The Palm Beach County Commission approved its federal legislative agenda on Tuesday, which includes efforts to get reimbursement for costs associated with visits to Palm Beach by President Donald Trump.
It is expected that when the president is in town, local law enforcement and other security-related functions will be required of the county and other local governments, according to the legislative staff report. In a brief pre-inauguration Thanksgiving stay in Palm Beach, more than $250,000 in security expenses related to the then president-elect’s visit was incurred by the county.
The legislative staff will work with the federal government to ensure that local costs associated with presidential visits to his home in Palm Beach County are reimbursed by the federal government to area governments. Additionally, it will work with the Secret Service to minimize the economic impact to the county and area businesses from closures to the Lantana Airport related to those visits.
“It’s an interesting time in Washington, D.C., in 2017,” said Assistant County Administrator Todd Bonlarron, who heads the county’s lobbying force. “Obviously, it’s a time of a little bit of uncertainty and new things that are going on, so we hope that this year, when we put our legislative agenda together and looked back at our plan, we kept some of them on.”
Bonlarron said he and his staff would report back to the commissioners periodically for updates as new issues and policy decisions are made.
Legislative Affairs Director Rebecca De La Rosa said things are moving quickly with the new administration, cabinet and a new member of the Palm Beach County congressional delegation, Rep. Brian Mast (R-District 18).
Another county initiative is controlling truck size and weight. De La Rosa said there is concern that Congress is considering changes to federal standards that would increase the allowable truck size and weight, but the heavier weight accelerates the deterioration of roads and bridges, putting additional pressure on local governments to finance infrastructure.
The county is requesting $7 million for Palm Tran to install new technology programs on its buses. It also seeks $11.8 million to completely overhaul its 334 bus shelters and add 250 more shelters for a total of 584.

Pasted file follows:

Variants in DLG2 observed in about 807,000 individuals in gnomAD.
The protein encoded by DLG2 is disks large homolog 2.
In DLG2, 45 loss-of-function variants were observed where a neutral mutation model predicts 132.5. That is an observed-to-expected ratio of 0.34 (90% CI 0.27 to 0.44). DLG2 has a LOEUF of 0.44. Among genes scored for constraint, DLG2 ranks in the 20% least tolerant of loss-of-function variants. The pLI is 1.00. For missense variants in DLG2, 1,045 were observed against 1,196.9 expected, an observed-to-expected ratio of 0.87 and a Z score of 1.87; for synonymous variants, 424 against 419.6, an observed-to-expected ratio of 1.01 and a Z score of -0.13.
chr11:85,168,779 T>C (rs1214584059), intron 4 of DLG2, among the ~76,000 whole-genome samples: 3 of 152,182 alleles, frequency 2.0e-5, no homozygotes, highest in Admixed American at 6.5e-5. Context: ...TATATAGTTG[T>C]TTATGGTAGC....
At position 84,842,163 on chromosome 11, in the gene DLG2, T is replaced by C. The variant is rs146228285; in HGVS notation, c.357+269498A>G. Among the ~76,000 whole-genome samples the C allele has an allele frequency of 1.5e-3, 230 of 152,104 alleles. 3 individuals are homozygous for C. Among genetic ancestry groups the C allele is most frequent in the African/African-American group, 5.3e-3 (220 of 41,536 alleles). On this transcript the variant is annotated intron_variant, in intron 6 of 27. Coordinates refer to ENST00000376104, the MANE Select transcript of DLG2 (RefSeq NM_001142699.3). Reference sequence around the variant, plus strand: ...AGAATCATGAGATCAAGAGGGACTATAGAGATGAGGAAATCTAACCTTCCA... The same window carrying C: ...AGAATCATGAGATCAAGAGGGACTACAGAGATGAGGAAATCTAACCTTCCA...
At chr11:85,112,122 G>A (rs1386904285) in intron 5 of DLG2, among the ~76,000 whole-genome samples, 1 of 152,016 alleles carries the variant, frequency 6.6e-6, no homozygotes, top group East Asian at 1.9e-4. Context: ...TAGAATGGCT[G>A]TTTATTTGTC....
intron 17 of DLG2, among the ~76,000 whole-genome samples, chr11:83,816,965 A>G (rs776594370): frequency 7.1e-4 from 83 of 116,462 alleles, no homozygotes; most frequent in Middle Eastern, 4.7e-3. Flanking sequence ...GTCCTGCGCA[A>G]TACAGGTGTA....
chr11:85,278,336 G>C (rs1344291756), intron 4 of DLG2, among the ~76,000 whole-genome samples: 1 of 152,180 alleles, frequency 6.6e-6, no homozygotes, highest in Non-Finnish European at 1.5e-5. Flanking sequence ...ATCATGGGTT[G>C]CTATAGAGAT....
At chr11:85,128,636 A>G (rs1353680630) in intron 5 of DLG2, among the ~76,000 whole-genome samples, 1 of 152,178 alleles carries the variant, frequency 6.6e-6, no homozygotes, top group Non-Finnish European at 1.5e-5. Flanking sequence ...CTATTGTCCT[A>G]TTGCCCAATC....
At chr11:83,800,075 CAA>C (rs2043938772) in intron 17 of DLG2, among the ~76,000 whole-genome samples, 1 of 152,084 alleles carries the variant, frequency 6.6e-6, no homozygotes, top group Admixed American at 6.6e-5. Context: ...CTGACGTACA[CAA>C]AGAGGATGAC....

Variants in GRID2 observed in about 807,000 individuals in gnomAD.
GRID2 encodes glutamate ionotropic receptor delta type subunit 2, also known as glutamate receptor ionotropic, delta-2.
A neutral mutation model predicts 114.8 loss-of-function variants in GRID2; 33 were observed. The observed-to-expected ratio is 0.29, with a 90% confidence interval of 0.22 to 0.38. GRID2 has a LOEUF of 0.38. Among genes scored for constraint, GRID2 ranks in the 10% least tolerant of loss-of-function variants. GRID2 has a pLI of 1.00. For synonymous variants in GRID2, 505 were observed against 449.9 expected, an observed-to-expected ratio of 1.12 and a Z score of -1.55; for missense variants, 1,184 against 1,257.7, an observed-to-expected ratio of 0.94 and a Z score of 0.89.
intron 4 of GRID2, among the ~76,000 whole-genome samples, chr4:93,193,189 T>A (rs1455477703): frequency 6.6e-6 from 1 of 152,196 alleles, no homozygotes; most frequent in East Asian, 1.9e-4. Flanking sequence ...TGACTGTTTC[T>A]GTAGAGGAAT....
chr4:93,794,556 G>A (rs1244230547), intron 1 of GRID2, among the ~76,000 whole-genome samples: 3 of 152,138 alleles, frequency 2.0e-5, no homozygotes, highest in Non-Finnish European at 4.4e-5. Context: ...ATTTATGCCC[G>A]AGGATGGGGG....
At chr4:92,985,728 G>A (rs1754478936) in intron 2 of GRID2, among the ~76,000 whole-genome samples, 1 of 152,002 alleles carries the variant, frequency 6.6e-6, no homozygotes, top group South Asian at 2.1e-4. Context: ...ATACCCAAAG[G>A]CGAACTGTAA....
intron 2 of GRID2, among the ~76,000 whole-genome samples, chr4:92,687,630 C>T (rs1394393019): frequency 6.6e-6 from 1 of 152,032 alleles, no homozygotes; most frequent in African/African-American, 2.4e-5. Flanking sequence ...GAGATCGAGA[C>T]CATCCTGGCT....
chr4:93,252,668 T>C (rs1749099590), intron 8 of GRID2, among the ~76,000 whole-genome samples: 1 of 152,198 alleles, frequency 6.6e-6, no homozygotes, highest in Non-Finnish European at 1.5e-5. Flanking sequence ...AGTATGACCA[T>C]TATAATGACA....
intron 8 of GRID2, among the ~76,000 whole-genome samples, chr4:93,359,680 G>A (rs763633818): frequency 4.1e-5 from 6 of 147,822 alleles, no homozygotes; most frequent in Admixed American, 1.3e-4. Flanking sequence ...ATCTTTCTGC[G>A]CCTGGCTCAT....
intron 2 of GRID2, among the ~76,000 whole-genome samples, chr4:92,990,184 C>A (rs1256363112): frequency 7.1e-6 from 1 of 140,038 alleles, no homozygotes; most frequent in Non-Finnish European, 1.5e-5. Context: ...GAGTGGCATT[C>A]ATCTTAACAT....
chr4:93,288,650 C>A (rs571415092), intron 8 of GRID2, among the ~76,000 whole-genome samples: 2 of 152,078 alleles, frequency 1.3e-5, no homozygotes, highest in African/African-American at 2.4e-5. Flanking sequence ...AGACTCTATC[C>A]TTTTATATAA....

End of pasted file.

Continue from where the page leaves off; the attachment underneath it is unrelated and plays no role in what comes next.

Additionally, the county seeks to strengthen the National Environmental Policy Act, which plays a part in most of the county’s habitat restoration activities, by requiring biological opinions from agencies in a timely manner.
The county also supports the Southeast Florida Regional Climate Change Compact, which includes a commitment to develop and advocate for state and federal policies. The compact counties have adopted a federal energy and climate legislative program each year since 2011, and will identify legislative issues that compact members support.
Bonlarron’s office will continue to monitor the Waters of the United States rule, which could negatively affect local governments that would be forced to adhere to water quality rules that are unclear, but would continue to welcome the opportunity to work with the Environmental Protection Agency, the U.S. Army Corps of Engineers, and regional and state governments to develop reasonable and rational rules.
The county will continue to work with the Department of Housing & Urban Development on its administration of sober homes, where there has been increasing abuse and exploitation of the patients/residents by the operators. The county will seek clarification from HUD as to what action can be taken by state and local governments in order to protect the health, safety and welfare of both the residents in the homes and the surrounding community.
The county will also support grants for law enforcement initiatives and a community-based violence prevention initiative intended to reduce gun and other violence among youth gangs.
In addition, the county favors a federal catastrophic insurance fund to pool the risk to states and reduce the burden on taxpayers from natural disasters through an amendment to the National Flood Insurance Program to allow multi-peril coverage from a national catastrophic insurance fund.
The county will also seek to protect the tax-exempt status of municipal bonds. As Congress and the new administration work to reduce the federal deficit, removing the tax-exempt status of municipal bonds is a major concern of counties across the nation.
Since the federal income tax was imposed in 1913, the interest earned on municipal bonds has been exempt from federal taxation. The tax law was specifically designed to encourage investment in public infrastructure.
The county pledges continued support of the South Florida Inland Port and the development of an inland logistics complex in western Palm Beach County, including completion of rail connections serving ports of South Florida and Tampa Bay.
The inland facility, which has gained significant regional support, would be a hub for goods assembly, warehousing and manufacturing, as well as furnishing logistics providers with a central intermodal location between ports that lack sufficient waterfront acreages to accommodate trade volumes that are projected to double by 2020, according to the staff report. It would also create options for freight movement and distribution.